Should You Follow Your Dreams?

One question I get asked a lot is “Should I follow my dream?” It is shocking to me how much I get asked this question. There are a lot of people out there wondering if they should go outside their comfort zone and pursue their passion in life. My answer to this is always “yes” with out hesitation. Of course you should. Go out into the world and follow your dreams. But I say that for a very specific financial reason which I am going to explain to you in this video. WATCH NOW





What is a dream? Let us start there. A dream is your mind telling you that some aspect of your life can be improved. There is something in your life that is making you unhappy, and you can envision a better future for yourself. That is a dream. It is rooted in your desire to improve your situation.

That all sounds good, but dreams have a downside. If dreams do not work out, they can hurt you. It can be embarrassing. It can cost you money. It is uncertain, and uncertainty is stressful and scary.

Let us use an example. Most people ask the question “Should I follow my dream?” in relation to their career. They might be in a job they do not like. The question is whether they should focus on the secure career they already have, or take action to pursue a dream. The dream will cost time and money, and it may not work out. Is it even worth it to try?

Let us look at a financial analysis. Imagine you are evaluating the financial impact of two different career choices over the next five years. In your current job, you make 60,000 per year. You may get small raises, but there is basically not much room for growth. You have an idea that you could start a dream career. It will probably be slow to start off. You will make nothing for your efforts in the first year. But every year, you expect to grow. By the end of the fifth year, you have made the same amount of money as if you would have in your current job. In both of these situations you have made 300,000 over five years. Of course if you extend this out into the future, your dream has the potential to make you so much more money than your current job.

But when we look at these numbers, we have to factor in risk. Dreams are very uncertain, and very risky. On the other hand, steady jobs are much more certain, even though there is no room for growth. You might be miserable, but at least you know what is likely to happen. Let us assume that in your current job there is 10% risk of it not working out as expected either from getting laid off or another unexpected event. For your dream there is 90% risk of it not working out as expected. It is very uncertain. We can use these risk factors to create weighted values by multiplying the total value times one minus the risk rate. We see in this analysis that your current job appears so much more valuable than your dreams. Whether you are aware of this or not, your brain is performing this analysis. This is why you are scared to follow your dreams. Your brain is telling you “is this even worth it?” Your dreams are so risky, that the weighted value of the money you could make is so much less than the current money you are making.

But there is a problem with this analysis. It is based on fear. Your brain likes to focus on fear, but then you completely miss the opportunity. If you reshape this analysis to focus on the risk of missing an opportunity instead of the downside risk, you get a different result. A different way of looking at the same situation is to ask the question, “What is the opportunity to increase my current income?” This is the difference of looking at life with expansion versus looking at life with contraction. In fact, when you talk with successful entrepreneurs they have this ability to focus on the expansive opportunities of life.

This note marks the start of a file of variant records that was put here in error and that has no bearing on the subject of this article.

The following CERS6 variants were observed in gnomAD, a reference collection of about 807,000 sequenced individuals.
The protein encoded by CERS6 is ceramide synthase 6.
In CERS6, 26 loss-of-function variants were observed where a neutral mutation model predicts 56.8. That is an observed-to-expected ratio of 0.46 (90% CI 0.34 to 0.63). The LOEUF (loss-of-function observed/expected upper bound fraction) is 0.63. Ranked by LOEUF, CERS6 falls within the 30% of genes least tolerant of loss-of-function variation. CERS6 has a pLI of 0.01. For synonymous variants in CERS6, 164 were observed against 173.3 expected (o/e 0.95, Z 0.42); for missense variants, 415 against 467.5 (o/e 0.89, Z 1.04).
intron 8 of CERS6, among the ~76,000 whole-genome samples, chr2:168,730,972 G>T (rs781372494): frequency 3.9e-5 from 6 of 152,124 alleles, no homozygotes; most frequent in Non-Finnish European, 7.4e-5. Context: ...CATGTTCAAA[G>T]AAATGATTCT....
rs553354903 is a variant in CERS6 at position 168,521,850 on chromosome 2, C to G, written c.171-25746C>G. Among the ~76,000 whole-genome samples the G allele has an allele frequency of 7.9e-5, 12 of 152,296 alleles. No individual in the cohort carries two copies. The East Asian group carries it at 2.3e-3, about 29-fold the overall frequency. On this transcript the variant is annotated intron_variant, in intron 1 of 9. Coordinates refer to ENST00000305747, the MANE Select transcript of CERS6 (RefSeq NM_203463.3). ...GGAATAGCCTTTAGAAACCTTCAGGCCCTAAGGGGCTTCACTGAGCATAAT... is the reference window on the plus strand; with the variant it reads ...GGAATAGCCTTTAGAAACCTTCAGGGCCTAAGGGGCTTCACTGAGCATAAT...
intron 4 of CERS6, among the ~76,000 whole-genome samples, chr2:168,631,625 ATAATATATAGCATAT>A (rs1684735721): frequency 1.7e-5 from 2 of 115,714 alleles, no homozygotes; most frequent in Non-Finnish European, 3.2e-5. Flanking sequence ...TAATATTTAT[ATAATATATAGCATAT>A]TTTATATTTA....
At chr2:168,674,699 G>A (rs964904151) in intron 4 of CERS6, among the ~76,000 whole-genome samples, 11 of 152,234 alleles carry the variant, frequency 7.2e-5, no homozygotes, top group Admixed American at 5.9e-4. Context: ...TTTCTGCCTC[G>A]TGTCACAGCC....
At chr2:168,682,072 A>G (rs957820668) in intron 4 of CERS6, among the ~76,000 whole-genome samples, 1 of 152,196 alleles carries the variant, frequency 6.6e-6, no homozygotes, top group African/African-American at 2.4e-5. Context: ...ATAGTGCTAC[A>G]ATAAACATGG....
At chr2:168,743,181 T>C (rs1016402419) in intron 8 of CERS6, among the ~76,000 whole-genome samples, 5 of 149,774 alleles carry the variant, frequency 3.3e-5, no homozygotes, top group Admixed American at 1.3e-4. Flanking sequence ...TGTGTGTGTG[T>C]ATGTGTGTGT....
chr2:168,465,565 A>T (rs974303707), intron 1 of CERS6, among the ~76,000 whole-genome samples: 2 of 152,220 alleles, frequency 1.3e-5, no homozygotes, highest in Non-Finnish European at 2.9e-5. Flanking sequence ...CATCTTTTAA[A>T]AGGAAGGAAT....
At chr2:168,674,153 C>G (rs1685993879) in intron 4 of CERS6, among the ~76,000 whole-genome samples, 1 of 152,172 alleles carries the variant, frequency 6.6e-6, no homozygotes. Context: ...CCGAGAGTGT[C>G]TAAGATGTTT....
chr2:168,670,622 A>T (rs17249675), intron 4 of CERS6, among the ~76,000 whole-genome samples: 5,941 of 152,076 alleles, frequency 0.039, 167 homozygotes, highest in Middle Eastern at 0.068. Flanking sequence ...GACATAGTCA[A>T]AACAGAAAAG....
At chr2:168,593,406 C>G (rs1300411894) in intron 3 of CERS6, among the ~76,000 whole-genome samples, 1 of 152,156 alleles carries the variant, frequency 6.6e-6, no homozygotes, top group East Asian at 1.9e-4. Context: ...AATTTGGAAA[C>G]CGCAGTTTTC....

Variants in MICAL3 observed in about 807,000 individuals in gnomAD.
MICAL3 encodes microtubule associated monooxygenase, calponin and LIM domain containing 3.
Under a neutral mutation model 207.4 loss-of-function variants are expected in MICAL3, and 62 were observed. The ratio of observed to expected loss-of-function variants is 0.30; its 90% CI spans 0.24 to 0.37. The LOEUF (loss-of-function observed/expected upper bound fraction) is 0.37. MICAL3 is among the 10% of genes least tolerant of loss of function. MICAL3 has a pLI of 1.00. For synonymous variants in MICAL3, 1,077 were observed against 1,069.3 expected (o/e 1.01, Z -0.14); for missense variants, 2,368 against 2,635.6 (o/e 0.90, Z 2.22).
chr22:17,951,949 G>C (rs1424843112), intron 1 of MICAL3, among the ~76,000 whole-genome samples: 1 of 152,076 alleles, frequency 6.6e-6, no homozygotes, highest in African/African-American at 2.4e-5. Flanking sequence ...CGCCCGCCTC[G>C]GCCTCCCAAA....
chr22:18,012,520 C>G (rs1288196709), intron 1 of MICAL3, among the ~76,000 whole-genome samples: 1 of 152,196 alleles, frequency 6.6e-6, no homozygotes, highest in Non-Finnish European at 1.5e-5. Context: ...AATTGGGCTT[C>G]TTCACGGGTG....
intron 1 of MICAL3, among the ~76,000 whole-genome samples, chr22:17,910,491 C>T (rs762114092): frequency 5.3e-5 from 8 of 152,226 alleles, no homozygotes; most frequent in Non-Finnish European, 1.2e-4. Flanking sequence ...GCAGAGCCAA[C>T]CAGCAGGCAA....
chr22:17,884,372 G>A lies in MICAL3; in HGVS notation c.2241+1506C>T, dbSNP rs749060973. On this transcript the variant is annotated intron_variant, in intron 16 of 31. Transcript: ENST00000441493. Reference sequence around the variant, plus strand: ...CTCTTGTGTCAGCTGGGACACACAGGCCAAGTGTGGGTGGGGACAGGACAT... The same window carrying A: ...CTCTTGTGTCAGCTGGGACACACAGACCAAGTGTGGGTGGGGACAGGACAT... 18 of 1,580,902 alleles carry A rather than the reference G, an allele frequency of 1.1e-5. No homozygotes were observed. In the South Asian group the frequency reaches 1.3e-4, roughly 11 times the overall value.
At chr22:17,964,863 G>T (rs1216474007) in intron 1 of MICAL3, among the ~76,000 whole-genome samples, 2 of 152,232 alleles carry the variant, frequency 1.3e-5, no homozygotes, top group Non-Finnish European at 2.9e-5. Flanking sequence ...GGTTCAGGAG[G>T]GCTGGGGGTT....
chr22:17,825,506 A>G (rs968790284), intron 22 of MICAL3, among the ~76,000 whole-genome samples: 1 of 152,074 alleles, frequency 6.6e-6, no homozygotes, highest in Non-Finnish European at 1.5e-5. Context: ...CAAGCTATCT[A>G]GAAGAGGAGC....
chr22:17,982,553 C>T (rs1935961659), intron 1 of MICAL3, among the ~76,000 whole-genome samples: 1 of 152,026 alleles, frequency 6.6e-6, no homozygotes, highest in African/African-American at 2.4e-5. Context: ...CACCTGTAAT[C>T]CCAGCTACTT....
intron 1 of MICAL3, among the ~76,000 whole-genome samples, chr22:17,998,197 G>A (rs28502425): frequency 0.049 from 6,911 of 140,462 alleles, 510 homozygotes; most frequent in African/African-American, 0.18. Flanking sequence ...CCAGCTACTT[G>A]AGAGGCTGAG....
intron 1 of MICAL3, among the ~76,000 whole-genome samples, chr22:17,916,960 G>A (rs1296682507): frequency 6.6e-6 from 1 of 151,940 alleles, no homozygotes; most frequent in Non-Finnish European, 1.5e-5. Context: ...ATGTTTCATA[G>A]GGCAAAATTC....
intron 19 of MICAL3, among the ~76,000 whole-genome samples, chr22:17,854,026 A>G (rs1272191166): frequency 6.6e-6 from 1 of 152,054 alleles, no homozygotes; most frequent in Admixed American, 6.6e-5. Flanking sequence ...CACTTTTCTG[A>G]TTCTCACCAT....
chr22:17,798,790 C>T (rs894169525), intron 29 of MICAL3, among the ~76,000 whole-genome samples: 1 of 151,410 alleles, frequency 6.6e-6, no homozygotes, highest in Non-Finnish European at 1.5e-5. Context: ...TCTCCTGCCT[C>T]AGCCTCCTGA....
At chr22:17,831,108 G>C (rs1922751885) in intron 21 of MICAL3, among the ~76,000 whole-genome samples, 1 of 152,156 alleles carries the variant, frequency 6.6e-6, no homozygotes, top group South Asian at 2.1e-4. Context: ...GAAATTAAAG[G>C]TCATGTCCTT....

Let me show you how to do this. You want to look at the risk of missed opportunity. What is the chances that your life will not improve from its current state. Well if you stay in your current life and not do anything to improve your situation, the risk that you will stay miserable is 100%. There is 100% certainty that your life will not change and you will miss the opportunities that are right in front of you. If you look at the income levels of your current job, they stay flat, whereas your dreams have the potential to increase dramatically. But following your dream is also highly risky. However, even with the risk, our example shows there is at least a 10% chance that your situation will improve. So we can change our risk factors to 100% risk for your current situation. And we keep a 90% risk that following your dream will work out. So the new weighted value is zero for staying in your current situation. This stands for the fact that there is no opportunity to make money above what you are currently making if you do nothing. However, when you follow your dream, even at incredibly high risk levels, you have the opportunity to make more money.

So this is what I recommend. Spend some time thinking about your situation from both of these perspectives. The first perspective uses contraction, fear, and the risk of losing money. The second perspective uses expansion, and the opportunities to make more money. When you spend the time to think about the differences, you will come to the realization that of course you should follow your dream. You should always follow your dream. Yes it is scary. Yes it is risky. But if you do not try to better your situation and better your life, you are never going to get anywhere.

Leave a comment down below letting me know what you think!

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Neither Zach De Gregorio or Wolves and Finance shall be liable for any damages related to information in this video. It is recommended you contact a CPA in your area for business advice.

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